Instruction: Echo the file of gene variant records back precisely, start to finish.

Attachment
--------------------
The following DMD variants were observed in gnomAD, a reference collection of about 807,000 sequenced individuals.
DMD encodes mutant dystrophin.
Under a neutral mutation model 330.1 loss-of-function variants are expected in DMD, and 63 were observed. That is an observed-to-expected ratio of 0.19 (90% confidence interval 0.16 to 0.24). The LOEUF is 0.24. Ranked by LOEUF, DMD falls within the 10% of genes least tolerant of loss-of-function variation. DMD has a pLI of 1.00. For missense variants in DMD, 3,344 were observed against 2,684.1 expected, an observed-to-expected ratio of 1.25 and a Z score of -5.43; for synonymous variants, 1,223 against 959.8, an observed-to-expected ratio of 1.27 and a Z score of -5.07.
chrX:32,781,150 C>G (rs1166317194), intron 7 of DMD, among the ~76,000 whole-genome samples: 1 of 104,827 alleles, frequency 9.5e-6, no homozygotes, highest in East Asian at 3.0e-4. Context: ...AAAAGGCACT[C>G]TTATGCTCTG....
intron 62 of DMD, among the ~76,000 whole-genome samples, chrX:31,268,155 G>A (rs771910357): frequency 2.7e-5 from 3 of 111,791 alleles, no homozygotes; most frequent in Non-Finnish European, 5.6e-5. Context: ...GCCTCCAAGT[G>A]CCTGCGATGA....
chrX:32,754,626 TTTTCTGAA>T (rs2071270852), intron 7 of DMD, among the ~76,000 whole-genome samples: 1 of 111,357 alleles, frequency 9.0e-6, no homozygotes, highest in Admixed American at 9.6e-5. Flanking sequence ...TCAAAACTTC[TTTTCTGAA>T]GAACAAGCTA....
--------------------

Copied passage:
The following DMD variants were observed in gnomAD, a reference collection of about 807,000 sequenced individuals.
DMD encodes mutant dystrophin.
Under a neutral mutation model 330.1 loss-of-function variants are expected in DMD, and 63 were observed. That is an observed-to-expected ratio of 0.19 (90% confidence interval 0.16 to 0.24). The LOEUF is 0.24. Ranked by LOEUF, DMD falls within the 10% of genes least tolerant of loss-of-function variation. DMD has a pLI of 1.00. For missense variants in DMD, 3,344 were observed against 2,684.1 expected, an observed-to-expected ratio of 1.25 and a Z score of -5.43; for synonymous variants, 1,223 against 959.8, an observed-to-expected ratio of 1.27 and a Z score of -5.07.
chrX:32,781,150 C>G (rs1166317194), intron 7 of DMD, among the ~76,000 whole-genome samples: 1 of 104,827 alleles, frequency 9.5e-6, no homozygotes, highest in East Asian at 3.0e-4. Context: ...AAAAGGCACT[C>G]TTATGCTCTG....
intron 62 of DMD, among the ~76,000 whole-genome samples, chrX:31,268,155 G>A (rs771910357): frequency 2.7e-5 from 3 of 111,791 alleles, no homozygotes; most frequent in Non-Finnish European, 5.6e-5. Context: ...GCCTCCAAGT[G>A]CCTGCGATGA....
chrX:32,754,626 TTTTCTGAA>T (rs2071270852), intron 7 of DMD, among the ~76,000 whole-genome samples: 1 of 111,357 alleles, frequency 9.0e-6, no homozygotes, highest in Admixed American at 9.6e-5. Flanking sequence ...TCAAAACTTC[TTTTCTGAA>T]GAACAAGCTA....